Xendit recruits its people through trials. I was called over to the office for a “trial day”, where I worked on a task with Moses, Xendit’s Founder/CEO. I got a taste of the kind of work I would be doing here – I was asked to work on a project to expand Xendit’s digital services to SMEs scalaby, making it easier for them to accept payments across Indonesia and even internationally.

There was 1 thing that stood out. Everything was action-oriented. Sure, formulating a good strategy was important. But the most important part of the task was to figure out a real, actionable plan, and to start executing it.

This was the point at which I realized I had no idea how to execute. Throughout university, I had only been trained to theorize. During my work with the government, I had been trained to strategize, and to follow up with stakeholders to see the results of our strategies. But I myself had no idea how to execute. What good were any of my plans and dreams of improving the inclusiveness of the Indonesian economy if I had zero ability to implement them?

“An effective actor is much better than a well-wisher without hard skills.”

What really did it for me was a conversation I had with someone called Emily. She was working on data products at Xendit – but had previously been the part of the world I was familiar with, the public sector world of government projects and development aid for the needy.

She told me 3 things about my vision to make a positive impact.

  1. An effective actor is much better than a well-wisher without hard skills.
  2. You need to learn as much and as fast as you possibly can if you want to be an effective actor.
  3. Xendit provides opportunity for massive, speedy growth (more than any other organization Em had worked at, including BCG)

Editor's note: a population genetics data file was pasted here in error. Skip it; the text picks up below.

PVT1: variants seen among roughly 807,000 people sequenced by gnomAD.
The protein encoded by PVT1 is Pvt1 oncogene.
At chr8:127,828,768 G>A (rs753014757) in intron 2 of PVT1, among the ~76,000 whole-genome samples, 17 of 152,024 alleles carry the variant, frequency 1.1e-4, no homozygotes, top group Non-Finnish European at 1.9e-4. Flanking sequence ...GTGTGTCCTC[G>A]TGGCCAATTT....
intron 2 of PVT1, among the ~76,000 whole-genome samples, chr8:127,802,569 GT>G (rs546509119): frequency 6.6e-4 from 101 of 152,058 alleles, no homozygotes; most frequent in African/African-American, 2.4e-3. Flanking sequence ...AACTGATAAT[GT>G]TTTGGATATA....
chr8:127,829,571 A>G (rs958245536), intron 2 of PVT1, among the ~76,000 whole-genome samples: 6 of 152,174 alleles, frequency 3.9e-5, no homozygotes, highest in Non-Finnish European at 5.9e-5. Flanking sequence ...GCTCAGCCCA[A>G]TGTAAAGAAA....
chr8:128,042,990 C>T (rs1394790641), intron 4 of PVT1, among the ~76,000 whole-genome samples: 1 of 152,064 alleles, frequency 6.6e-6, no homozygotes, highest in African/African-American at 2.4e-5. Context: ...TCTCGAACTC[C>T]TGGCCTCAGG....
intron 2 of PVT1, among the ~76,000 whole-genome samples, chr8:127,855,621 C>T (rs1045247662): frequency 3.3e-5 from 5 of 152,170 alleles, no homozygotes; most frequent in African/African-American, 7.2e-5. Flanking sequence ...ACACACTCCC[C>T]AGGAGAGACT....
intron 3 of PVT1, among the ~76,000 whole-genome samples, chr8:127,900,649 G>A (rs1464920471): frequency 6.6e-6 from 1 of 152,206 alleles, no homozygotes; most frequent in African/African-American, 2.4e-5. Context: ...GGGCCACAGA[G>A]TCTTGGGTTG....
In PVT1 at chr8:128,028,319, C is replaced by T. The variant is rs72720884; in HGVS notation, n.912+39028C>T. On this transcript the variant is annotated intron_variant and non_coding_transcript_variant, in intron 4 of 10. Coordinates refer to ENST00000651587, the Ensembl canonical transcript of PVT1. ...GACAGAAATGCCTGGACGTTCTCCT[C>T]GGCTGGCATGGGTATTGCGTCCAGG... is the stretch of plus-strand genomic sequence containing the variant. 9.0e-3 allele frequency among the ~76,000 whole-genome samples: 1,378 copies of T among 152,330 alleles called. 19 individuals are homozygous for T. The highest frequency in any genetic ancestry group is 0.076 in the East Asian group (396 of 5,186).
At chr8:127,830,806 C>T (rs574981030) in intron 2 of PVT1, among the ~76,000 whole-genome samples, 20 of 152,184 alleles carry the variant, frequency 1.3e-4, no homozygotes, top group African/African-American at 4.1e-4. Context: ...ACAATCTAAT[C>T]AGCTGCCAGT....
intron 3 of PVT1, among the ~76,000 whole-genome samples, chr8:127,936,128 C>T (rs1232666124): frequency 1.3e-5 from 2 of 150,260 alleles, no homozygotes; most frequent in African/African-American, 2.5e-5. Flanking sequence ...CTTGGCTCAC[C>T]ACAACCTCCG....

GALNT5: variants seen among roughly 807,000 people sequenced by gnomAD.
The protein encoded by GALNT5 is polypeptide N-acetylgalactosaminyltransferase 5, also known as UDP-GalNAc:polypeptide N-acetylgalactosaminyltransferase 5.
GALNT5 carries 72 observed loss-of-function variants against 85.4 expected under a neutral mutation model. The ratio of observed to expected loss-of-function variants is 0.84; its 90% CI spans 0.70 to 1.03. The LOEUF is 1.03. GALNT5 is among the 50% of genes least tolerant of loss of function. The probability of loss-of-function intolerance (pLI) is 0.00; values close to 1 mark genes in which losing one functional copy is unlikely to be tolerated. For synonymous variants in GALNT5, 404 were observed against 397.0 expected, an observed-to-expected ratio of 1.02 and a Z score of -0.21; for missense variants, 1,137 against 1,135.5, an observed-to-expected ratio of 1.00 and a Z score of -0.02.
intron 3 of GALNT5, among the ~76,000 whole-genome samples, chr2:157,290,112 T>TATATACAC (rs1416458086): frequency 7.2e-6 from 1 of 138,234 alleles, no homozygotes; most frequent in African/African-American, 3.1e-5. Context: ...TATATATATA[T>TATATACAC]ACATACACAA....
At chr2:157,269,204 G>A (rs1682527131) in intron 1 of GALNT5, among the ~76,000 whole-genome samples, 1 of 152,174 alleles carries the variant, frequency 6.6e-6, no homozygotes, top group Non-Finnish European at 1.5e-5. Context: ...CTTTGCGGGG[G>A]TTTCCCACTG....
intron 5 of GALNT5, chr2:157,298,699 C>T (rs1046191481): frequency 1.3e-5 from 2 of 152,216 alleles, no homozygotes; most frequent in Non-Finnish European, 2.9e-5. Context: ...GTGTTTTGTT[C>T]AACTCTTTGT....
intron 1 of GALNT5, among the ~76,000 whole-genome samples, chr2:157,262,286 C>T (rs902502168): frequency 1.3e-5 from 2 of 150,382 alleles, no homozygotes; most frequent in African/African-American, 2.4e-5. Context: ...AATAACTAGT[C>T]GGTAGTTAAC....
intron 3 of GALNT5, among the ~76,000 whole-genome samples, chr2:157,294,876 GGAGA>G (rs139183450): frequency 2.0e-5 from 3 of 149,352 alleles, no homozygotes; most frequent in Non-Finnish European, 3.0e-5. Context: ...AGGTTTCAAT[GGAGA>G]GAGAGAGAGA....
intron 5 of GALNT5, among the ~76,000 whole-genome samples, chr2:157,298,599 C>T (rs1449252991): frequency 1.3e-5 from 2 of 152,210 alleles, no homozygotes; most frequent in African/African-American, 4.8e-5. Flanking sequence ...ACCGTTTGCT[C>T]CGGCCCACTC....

What I learned from Em changed my outlook on choosing a place to work. I didn’t want to be a well-wisher without hard skills. I needed to be at a place that would teach me the hard skills needed to execute, not just plan. And I needed this place to challenge me to learn and grow as fast as I possibly could.

So I decided to join Xendit.

Grow, grow, grow

Get a project that I have no clue how to do. Freak out about how I’m not capable. Then do it. Fail a few times. Iterate. Get it right. Realize at the end that I somehow grew to become more capable than I was before. 

Repeat. Again and again and again.

This is my life at Xendit. The opportunity for growth at Xendit is insane, because we are always thrown into the deep end and stretched beyond what we assume we’re capable of. Moses’ management style is that he sees people where they can be instead of where they are right now. As a result, as long as you hustle hard, it’s impossible to not grow. 

My peers at Xendit have similar stories. There is always something that is stretching us painfully – a product that keeps breaking, a partnership with never-ending blockers, a customer that never stops complaining, an impossible timeline to hit, the occasional threat to the company’s existence. Whatever it is, we keep our heads down and just keep hustling, keep executing, keep learning. All we do here is grow, grow, grow.

I feel just as strongly as ever about working towards inclusive development for low to middle income Indonesians. The difference between today’s Cara vs. Cara 1.5 years ago is that now I feel like I’ve been equipped with skills needed to plan, execute and grow a real project aimed at improving people’s lives. I don’t feel like a well-wisher without skills anymore, and I have Xendit to thank for that.

Want to know more about Cara’s story?

Find out more on Xendit’s very own podcast, Story Time, where Cara shares more details about her experience in Xendit.

Learn more about payments in Indonesia

Understanding the opportunities and challenges of the local market is key to staging an effective entrance.